Part 7 of the ongoing La Scena series was published in the print version in French only, so the English text is reproduced in full below. Both versions are also available for download in PDF format here.
IT’S 35˚C IN THE TOWNSHIP gymnasium north of Cape Town, South Africa, but the bass-baritone is doing a very credible job of the Frost Scene in Henry Purcell’s King Arthur. As he sings about “rising from beds of everlasting snow,” a massive chorus of township schoolchildren emerges, flash-mob style, singing “We chatter chatter chatter” in reasonable facsimile of a shiver, while sweating profusely in school uniforms. This is el Sistema at the southernmost tip of Africa.
It’s an extraordinarily ambitious idea: to capitalize on the wealth of existing choral activity in South Africa, bring artists from across the world and the nation to collaborate in an opera, and to create enriching musical experiences for the first generations to be born outside the atrocity of institutionalized racism. It’s not just ambitious, it’s successful, despite all the tribulations of last-minute cancellations and logistical problems one might expect at the Met. Shirley Apthorp, the festival founder and director, is a highly distinguished music critic in Europe, writing for the Financial Times, but in South Africa she’s a concerned citizen and entrepreneur.
On the other side of the Atlantic, a youth orchestra is rehearsing Chopin’s Piano Concerto No. 2 for a performance at Royal Festival Hall, UK, with pianist Lang Lang. No, it’s not a Venezuelan group, but an ensemble from the Sistema program Neojibá in Salvador, Brazil. Following Abreu’s original strategy, the núcleo first created an excellent orchestra, to build credibility and public trust, and then expanded to include outreach satellite modules. In only five years the orchestra has emerged as the foremost artistic ambassador of the state, to the chagrin of the local professional ensemble. Until recently the two groups shared a conductor in Ricardo Castro, the eminent pianist and laureate of the Leeds Competition, but now Ricardo devotes all his attention in Salvador to Neojibá.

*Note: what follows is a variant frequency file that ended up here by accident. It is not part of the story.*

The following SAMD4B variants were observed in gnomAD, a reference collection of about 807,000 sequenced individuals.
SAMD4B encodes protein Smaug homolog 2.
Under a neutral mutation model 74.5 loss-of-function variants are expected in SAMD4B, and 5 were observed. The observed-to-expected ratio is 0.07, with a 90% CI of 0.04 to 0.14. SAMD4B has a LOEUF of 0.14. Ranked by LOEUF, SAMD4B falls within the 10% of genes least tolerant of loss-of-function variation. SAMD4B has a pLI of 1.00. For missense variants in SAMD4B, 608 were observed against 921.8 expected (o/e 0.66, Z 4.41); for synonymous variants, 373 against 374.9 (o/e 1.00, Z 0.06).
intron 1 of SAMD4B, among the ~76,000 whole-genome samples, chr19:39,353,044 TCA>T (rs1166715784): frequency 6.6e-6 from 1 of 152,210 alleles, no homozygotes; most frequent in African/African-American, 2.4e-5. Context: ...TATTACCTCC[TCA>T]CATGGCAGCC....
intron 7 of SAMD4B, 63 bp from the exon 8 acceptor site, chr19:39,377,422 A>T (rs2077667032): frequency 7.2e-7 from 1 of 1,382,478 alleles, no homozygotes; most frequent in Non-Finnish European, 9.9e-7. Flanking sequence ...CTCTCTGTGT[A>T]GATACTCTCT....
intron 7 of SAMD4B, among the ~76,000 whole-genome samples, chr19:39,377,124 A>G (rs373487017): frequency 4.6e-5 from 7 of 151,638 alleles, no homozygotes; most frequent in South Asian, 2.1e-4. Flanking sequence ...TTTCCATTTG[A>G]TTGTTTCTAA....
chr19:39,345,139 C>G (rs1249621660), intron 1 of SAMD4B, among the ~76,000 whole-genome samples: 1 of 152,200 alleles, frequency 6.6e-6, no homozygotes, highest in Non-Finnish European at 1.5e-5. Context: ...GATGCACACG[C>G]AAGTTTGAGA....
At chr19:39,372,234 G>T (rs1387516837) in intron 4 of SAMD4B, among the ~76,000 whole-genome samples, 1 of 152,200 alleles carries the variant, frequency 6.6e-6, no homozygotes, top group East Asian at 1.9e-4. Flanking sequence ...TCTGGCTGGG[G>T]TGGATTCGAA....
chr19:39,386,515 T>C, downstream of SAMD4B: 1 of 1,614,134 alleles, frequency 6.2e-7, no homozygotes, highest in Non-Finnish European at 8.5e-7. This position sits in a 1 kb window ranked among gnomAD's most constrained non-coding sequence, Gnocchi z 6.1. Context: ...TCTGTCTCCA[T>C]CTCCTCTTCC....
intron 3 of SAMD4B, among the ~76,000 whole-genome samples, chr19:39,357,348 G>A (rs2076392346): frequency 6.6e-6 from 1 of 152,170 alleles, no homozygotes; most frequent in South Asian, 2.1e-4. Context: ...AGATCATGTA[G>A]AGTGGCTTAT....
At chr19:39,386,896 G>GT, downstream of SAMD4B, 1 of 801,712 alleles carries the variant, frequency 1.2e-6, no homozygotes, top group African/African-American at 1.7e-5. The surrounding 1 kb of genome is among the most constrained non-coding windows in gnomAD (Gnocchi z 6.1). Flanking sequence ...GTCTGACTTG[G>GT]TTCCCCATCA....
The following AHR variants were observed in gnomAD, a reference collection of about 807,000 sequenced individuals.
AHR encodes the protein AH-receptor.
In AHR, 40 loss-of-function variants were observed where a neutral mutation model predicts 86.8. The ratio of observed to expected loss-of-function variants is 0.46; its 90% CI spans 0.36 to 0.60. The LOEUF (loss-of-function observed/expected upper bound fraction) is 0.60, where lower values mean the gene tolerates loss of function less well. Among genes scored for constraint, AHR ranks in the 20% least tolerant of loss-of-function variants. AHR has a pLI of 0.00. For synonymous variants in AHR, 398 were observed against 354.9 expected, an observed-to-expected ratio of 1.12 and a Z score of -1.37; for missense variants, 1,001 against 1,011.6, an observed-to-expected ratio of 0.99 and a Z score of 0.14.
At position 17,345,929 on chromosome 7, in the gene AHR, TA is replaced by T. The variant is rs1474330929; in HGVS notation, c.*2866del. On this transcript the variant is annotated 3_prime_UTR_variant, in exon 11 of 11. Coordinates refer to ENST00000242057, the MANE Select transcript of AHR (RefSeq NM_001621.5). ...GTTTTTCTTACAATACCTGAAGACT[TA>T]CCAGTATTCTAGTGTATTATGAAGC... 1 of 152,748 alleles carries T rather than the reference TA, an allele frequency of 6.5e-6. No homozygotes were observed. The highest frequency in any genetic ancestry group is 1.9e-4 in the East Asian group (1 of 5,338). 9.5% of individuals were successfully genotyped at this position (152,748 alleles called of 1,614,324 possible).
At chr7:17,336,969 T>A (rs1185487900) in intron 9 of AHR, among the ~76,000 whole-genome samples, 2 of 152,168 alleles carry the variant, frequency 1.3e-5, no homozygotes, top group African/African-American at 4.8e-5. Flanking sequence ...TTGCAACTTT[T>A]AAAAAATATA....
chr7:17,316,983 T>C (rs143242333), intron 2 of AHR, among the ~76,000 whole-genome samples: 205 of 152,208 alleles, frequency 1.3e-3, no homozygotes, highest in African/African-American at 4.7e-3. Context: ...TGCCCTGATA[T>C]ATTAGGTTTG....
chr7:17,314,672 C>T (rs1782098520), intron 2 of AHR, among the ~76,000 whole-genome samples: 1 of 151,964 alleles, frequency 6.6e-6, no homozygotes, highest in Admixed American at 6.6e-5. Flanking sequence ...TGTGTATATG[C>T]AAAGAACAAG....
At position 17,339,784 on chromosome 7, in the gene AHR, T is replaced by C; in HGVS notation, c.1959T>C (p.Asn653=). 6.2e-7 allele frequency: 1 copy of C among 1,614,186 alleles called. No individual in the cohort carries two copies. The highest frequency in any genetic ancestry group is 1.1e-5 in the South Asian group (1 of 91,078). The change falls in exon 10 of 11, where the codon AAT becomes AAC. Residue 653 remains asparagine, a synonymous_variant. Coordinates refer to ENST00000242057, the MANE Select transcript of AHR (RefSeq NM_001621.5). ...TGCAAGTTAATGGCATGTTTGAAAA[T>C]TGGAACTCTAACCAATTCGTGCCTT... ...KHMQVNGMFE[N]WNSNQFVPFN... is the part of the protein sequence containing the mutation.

Different continents, different takes on el Sistema; widely divergent operational strategies, but both entirely successful in their own way. The reality is that the idea behind el Sistema, that of creating a context for music making in which the social benefits are emphasized, is supremely adaptable to local linguistic, cultural and economic conditions. Programs are emerging world-wide in extraordinarily diverse settings: there are initiatives in Korea, India, Scotland, New Zealand, Kenya and Austria, to name a few. Canada has two programs of growing international reputation in the Leading Note Foundation in Ottawa and the New Brunswick Youth Orchestra, with probably many more unheralded initiatives appearing. All of these operate under very different funding structures, operational models, and leadership, yet all make a difference. The Five Fundamentals of el Sistema (See installment 5 of this series) are neither prescriptive nor proscriptive, but a guide to re-aligning existing musical activity to the greatest community benefit. It is the simplicity of Sistema that makes it powerful and possible.■